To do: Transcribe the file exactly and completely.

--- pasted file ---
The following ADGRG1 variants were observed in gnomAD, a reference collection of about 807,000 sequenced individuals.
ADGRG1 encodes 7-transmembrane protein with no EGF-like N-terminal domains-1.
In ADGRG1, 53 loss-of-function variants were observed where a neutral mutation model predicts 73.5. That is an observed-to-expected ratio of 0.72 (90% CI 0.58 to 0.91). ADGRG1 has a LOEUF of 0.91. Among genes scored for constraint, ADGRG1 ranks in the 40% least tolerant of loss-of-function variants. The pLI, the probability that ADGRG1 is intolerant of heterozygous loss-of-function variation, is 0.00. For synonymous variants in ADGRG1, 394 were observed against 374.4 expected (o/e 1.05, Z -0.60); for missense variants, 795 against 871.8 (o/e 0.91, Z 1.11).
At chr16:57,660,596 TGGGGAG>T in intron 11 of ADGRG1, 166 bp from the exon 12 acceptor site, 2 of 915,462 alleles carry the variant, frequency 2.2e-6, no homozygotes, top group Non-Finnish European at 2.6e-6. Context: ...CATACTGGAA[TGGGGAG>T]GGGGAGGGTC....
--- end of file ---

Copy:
The following ADGRG1 variants were observed in gnomAD, a reference collection of about 807,000 sequenced individuals.
ADGRG1 encodes 7-transmembrane protein with no EGF-like N-terminal domains-1.
In ADGRG1, 53 loss-of-function variants were observed where a neutral mutation model predicts 73.5. That is an observed-to-expected ratio of 0.72 (90% CI 0.58 to 0.91). ADGRG1 has a LOEUF of 0.91. Among genes scored for constraint, ADGRG1 ranks in the 40% least tolerant of loss-of-function variants. The pLI, the probability that ADGRG1 is intolerant of heterozygous loss-of-function variation, is 0.00. For synonymous variants in ADGRG1, 394 were observed against 374.4 expected (o/e 1.05, Z -0.60); for missense variants, 795 against 871.8 (o/e 0.91, Z 1.11).
At chr16:57,660,596 TGGGGAG>T in intron 11 of ADGRG1, 166 bp from the exon 12 acceptor site, 2 of 915,462 alleles carry the variant, frequency 2.2e-6, no homozygotes, top group Non-Finnish European at 2.6e-6. Context: ...CATACTGGAA[TGGGGAG>T]GGGGAGGGTC....